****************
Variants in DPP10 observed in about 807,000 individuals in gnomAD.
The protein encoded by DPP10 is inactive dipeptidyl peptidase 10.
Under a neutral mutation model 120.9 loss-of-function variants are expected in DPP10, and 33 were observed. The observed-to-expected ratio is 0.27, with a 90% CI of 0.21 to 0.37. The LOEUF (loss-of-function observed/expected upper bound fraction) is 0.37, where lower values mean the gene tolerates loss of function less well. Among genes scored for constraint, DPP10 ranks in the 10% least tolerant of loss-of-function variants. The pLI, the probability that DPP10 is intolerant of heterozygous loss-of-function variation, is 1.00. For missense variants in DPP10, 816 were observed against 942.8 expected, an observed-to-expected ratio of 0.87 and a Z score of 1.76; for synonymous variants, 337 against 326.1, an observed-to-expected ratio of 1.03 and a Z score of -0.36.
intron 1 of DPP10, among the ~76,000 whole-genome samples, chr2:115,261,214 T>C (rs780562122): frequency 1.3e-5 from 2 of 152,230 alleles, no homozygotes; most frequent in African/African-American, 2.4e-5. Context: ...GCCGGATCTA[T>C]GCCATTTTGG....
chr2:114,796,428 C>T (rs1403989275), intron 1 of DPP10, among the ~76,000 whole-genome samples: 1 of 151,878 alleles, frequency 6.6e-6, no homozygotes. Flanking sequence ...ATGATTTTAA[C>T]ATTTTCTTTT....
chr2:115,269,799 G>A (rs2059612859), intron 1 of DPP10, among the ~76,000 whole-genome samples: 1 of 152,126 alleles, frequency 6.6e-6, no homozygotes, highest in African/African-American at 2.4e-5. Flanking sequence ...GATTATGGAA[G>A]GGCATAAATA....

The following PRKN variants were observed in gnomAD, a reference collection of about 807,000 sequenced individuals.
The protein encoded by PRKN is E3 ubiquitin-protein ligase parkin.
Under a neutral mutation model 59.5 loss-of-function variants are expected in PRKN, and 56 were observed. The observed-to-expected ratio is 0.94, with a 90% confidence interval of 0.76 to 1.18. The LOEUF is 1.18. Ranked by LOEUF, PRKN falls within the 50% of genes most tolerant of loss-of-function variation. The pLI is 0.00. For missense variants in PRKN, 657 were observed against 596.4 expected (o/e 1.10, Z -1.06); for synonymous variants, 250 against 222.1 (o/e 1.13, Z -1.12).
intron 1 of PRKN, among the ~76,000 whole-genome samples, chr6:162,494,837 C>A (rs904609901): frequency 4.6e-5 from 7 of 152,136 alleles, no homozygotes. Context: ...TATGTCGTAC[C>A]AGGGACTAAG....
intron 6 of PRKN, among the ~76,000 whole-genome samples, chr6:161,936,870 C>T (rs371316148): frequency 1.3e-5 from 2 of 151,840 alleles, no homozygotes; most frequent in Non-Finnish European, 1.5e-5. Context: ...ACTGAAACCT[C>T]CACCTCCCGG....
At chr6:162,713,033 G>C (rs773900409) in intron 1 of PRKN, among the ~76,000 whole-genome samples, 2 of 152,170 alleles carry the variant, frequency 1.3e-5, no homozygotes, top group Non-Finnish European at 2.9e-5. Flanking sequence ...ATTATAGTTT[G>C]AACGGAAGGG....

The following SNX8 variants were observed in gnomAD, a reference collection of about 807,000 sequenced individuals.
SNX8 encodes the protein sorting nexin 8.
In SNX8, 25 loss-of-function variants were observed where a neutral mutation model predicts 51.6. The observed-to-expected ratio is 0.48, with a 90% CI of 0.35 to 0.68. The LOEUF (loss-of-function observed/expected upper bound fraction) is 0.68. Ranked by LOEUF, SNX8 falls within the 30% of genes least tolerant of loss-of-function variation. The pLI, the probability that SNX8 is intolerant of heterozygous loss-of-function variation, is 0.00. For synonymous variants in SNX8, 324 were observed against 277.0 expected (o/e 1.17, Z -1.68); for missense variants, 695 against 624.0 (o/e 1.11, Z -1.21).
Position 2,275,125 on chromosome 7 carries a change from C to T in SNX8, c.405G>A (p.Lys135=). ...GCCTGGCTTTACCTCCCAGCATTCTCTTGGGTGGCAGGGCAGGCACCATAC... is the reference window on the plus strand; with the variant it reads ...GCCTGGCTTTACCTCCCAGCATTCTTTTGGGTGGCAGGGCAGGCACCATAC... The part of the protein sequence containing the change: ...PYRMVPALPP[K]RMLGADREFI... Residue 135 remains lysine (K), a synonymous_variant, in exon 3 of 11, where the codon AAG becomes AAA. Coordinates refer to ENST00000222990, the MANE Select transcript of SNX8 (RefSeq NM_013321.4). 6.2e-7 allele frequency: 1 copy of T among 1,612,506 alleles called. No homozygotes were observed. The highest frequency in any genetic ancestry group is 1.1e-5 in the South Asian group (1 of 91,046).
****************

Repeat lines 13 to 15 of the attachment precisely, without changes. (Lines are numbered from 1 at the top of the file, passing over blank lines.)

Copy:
The following SNX8 variants were observed in gnomAD, a reference collection of about 807,000 sequenced individuals.
SNX8 encodes the protein sorting nexin 8.
In SNX8, 25 loss-of-function variants were observed where a neutral mutation model predicts 51.6. The observed-to-expected ratio is 0.48, with a 90% CI of 0.35 to 0.68. The LOEUF (loss-of-function observed/expected upper bound fraction) is 0.68. Ranked by LOEUF, SNX8 falls within the 30% of genes least tolerant of loss-of-function variation. The pLI, the probability that SNX8 is intolerant of heterozygous loss-of-function variation, is 0.00. For synonymous variants in SNX8, 324 were observed against 277.0 expected (o/e 1.17, Z -1.68); for missense variants, 695 against 624.0 (o/e 1.11, Z -1.21).